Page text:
There are brethren who fall through the cracks of our society and organized social care. How do we help them survive? There are people who cannot and ought not to work largely due to mental illness of one variety or another. Sadly, I do not stop and give change to every homeless person I come across, but I do sometimes. We will be coming across more and more of them and as we do, we have less and less to give. It is hard to know how and whom to help.
In high school my son volunteered at the Tacoma Rescue Mission. With permission he took a black and white picture of a resident looking out of a window as an assignment for his photography class. I framed that picture and hung it where it can remind me to do unto others as has been done unto me. I do not reproach myself for giving that man money that New Year’s Eve. I like myself better for looking for the good in people than if I were to become frightened and cynical. Having received help, I do not mind giving a bit back whether it is through an organized charity like the Salvation Army or a bit of change on a street corner. Besides, I don’t know when I may be entertaining angels unwares.
Happy Thanksgiving, Neighborhood!
Friday, November 21, 2008
I live on a fairly busy street. It is a main road for most emergency vehicles, so the traffic is rather heavy. I ignore the traffic and take precaution exiting my driveway. I have had an accident within a block of my house due to a local bad driver. I have seen my fair share of accidents on this street due to congestion.
Our street leads to a local grocery store. The carts are frequently abandoned in our yards, the beer cans dropped on our lawns, and the intoxicated pedestrians wake us up at night. We clean our yards, call in the carts, and use our pillow to block out the drunken dumb-dumbs.
Now I am starting to draw the line at the soliciting. How many times can a person tell you 'no' before you get a clue? I am not looking for a new religion, I can not afford to trust a check with a stranger, and I do not want to give you my spare change. I have a yearly panhandler that comes to my door like a stray dog. My husband gave into him once and now he feels he can keep coming back. My husband is too nice. I am not. I regularly turn him down. It is one thing to be asked in a parking lot. It is a whole new thing when they come to your door step.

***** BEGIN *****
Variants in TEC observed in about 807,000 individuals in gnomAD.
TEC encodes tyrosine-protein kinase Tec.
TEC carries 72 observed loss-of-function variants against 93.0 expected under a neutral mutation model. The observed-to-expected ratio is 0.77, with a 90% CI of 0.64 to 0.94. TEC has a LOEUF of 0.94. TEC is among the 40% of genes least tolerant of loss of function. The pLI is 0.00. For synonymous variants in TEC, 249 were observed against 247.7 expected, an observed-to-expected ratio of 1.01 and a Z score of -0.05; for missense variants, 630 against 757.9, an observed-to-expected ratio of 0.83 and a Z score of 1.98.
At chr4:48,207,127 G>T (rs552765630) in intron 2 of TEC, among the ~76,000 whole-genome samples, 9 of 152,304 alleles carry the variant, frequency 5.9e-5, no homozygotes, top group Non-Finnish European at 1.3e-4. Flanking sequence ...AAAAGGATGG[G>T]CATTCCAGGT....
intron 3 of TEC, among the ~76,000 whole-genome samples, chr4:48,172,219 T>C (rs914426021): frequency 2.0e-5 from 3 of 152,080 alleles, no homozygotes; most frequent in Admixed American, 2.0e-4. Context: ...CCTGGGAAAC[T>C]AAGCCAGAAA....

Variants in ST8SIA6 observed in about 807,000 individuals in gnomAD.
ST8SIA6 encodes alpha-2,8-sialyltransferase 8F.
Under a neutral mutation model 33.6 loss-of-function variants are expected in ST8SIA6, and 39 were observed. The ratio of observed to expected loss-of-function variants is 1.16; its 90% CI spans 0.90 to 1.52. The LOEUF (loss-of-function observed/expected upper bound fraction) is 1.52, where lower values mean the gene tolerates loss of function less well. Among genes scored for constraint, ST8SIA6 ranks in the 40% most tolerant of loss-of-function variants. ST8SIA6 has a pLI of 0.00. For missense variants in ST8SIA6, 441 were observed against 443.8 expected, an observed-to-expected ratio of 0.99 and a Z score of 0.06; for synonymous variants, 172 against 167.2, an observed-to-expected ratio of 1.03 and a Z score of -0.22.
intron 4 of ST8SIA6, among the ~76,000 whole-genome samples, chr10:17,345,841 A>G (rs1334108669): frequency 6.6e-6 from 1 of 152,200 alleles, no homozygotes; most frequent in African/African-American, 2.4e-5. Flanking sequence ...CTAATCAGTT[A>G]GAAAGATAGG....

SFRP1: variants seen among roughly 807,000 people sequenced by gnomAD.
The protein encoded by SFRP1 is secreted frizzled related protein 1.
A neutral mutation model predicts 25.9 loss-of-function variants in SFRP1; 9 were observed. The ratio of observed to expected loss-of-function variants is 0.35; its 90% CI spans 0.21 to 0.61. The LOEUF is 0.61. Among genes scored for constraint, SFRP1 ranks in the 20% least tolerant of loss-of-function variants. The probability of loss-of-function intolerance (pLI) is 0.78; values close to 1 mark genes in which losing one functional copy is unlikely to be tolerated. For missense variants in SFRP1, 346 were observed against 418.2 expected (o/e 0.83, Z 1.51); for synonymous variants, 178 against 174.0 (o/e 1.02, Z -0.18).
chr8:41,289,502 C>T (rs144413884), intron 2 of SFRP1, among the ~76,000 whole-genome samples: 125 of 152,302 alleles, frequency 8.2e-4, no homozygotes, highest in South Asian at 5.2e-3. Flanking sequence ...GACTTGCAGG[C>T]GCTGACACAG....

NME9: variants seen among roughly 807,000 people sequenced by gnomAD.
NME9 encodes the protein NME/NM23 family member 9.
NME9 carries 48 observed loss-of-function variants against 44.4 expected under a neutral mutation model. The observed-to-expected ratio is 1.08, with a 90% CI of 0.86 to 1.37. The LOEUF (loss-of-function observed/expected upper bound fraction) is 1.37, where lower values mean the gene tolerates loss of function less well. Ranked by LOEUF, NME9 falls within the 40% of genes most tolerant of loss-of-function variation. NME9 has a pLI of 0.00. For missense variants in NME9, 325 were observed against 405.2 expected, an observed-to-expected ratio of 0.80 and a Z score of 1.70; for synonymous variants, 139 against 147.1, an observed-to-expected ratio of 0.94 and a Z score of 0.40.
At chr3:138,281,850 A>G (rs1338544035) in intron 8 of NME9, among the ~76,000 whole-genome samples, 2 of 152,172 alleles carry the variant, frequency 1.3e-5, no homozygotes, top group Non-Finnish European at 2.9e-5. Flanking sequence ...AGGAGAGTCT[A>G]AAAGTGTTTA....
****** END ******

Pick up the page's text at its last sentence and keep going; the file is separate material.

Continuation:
Ten days ago I had a transient come to my door with a ladder. He wanted to sell me this old ladder. Normally, I would decline nicely, but not that day. On that day the guy showed up at my doorstep at 11:55 pm. I informed him of the time, I closed the door in his face, and I reported him to the police. I am assuming they never found him or they never looked because he was back today. Today he was wearing the same clothes when I first saw him and he wasn’t carrying anything. When he came back a second time today he was in a different coat and he was trying to sell hand tools. Drills to be exact. So naturally I reported him to the police again, because today I recognized him as a transient that was living in the alley behind my house. I got a bit of grief from the lady who answered the call, but who is to say this guy isn’t breaking into our homes. Recently the break-ins have been frequent in our neighborhood.
My sister-in-law regularly asks me, “Why don’t you sell your house and move near me?”. I always answer the same, “There is crime everywhere. Why move when I know what is going on here and I know what to expect.” besides who really wants to live near their in-laws?
Tuesday, November 18, 2008
It's been up now for a couple of years and every so often, someone submits a story to be posted. My oldest younger sister and I are the ones who run it. The picture banner is taken from a wedding photo of my Mom and Dad. The blog is not on a Blogger platform, we pay for it, but Blogger has an option to create a private blog.
Our family is diverse and spread from Okinawa, Japan to Michigan. My children never really got a chance to interact with my parents. They were out here in WA and my parents lived in Michigan.